Scores of state patients living with HIV are in danger of dying after a myriad of problems saw the Mthatha Medical Deport unable to dispense antiretrovirals for a number of weeks.
In a hard hitting report, Emergency Intervention at Mthatha Depot – The hidden cost of inaction, Médecins Sans Frontières (MSF), the Rural Health Advocacy Project (RHAP), SECTION27 and the Treatment Action Campaign (TAC), document some of the universal reasons for the crisis that is crippling parts of the South Africa’s public health system.
“Reports of drug and medical supply shortages, staff shortages, corruption and the mismanagement of funds and healthcare facilities are familiar all over the country,” TAC General Secretary Vuyiseka Dubula says in the report’s introduction.
“The inevitable consequence of the collapse of the system is human loss: treatment interruptions that can lead to resistance and death, patients going without vital surgical procedures, and extended preventable – but unprevented – pain, illness and indignity,” Dubula adds.
She says that the bitter irony of the “likely death of scores of people as a result of ARV treatment interruption” following the problems at Mthatha Depot late last year in which the new National Strategic Plan was agreed, cannot go unnoticed.
The figures paint a bleak picture:
- A short survey conducted in the area estimates that at least 5 500 adults on antiretrovirals went for at least one day with any drugs while almost 600 children were sent home without treatment.
- A total of 34 facilities are still waiting for Tenofovir stock, a critical antiretroviral.
- It is calculated that at least 714 patients may have developed some form of drug resistance as a result of the supply disruption with between 20 and 80 patients likely to die.
- One in five facilities reported that they were completely unable to provide paediatric TB treatment, often for many months. This is likely to cause many deaths.
- It is estimated that the ARV treatment interruption will cost the province in excess of R1-million as patients will have to take the more expensive second-line treatment.
The recent breakdown in the delivery of services by the Mthatha Depot is viewed as a single, particularly severe episode that caused an immediate crisis in service delivery.
The report also reveals that the problems at the Depot go deeper than issues of labour disputes and flooding which precipitated the crisis. Inadequate human resource capacity, corruption, mismanagement and lack of oversight by the National and Provincial Departments of Health (despite knowledge of the extent of the problems) left Mthatha Depot vulnerable and the recent breakdown was predictable, as were its consequences.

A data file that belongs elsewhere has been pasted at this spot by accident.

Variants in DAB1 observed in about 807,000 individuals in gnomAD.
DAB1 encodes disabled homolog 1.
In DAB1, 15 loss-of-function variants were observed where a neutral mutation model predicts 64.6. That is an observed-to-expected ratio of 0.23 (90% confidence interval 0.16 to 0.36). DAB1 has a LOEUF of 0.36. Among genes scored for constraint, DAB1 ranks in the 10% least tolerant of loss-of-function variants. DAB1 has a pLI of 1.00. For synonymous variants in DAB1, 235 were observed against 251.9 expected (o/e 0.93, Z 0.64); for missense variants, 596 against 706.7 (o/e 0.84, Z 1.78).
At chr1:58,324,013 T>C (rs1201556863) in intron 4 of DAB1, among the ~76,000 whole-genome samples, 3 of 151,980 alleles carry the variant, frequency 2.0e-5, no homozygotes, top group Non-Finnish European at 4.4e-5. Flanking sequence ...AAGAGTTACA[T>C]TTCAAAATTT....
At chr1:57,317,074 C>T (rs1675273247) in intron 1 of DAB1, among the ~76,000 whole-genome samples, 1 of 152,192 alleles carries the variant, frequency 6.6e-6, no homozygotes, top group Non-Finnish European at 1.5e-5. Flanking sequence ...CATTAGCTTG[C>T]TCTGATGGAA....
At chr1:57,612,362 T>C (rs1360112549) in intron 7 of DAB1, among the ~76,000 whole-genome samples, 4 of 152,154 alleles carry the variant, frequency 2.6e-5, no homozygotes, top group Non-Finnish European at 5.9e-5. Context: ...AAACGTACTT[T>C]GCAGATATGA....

Dubula adds that they had been left with the overwhelming impression that the health crisis in the Eastern Cape is one of management constraints, rather than a shortage of funds.
The Mthatha Depot serves over 300 medical facilities in the Northeastern third of the Eastern Cape, popularly known as the “old Transkei area”.
Last year the Depot alone held on average around R50-million of stock at any one time, issuing up to 9 000 items every month and received around 500 deliveries. More than 100 000 people living with HIV receive their antiretrovirals via this Depot.
The present crisis started in September last year with the national transport strike reducing orders delivered. A month later Depot staff went on a protracted strike, which ended a month later after intervention from the Provincial MEC. However, staff only returned to work on a “go-slow” and eventually 29 staff members were suspended in December. This left the Depot with 10 working employees, most of them contract staff.
The number of items issued to medical facilities fell from 9 000 to less than 2 000. This led to a shortage of among others antiretrovirals and TB drugs. It is also likely that many newly diagnosed or ill HIV-positive patients were not initiated on treatment during this time.
In an unprecedented move, MSF was authorised by the national health department to intervene and the humanitarian group in partnership with the TAC took over the Depot operations on December 7.
Unsurprisingly, they found a Depot unable to operate. The National Health Department also deployed three experienced pharmacists for one week.
By December 19 the backlog had been cleared and regular functioning commenced.
This means that within two weeks it was possible with a relatively small team and low financial investment (less than R220 000), to both halt the decline in service delivery to the hospitals and clinics and clear the backlog order.
The report warns that there is still concern that new patients waiting to initiate ARV therapy continue to be affected by unpredictable and erratic supply to the facilities. This is especially the case for HIV/TB co-infected children, who are still awaiting paediatric TB treatment and, consequently, cannot yet be initiated on ARV therapy.
MSF also found a large informal “store” with boxes of expired, but critical drugs, estimated to be worth millions of rands.
MSF is now handing all activities back to Eastern Cape health authorities. The TAC will mobilize 25 volunteers to assist in the handover.
To improve essential drug supply monitoring the RHAP, the Southern African HIV Clinicians’ Society, SECTION27, TAC and MSF plan to set up a drug stock-out monitoring system. The aim is to centralise reporting on supply ruptures from patients and health staff into a national database, to identify clinics requiring emergency supplies.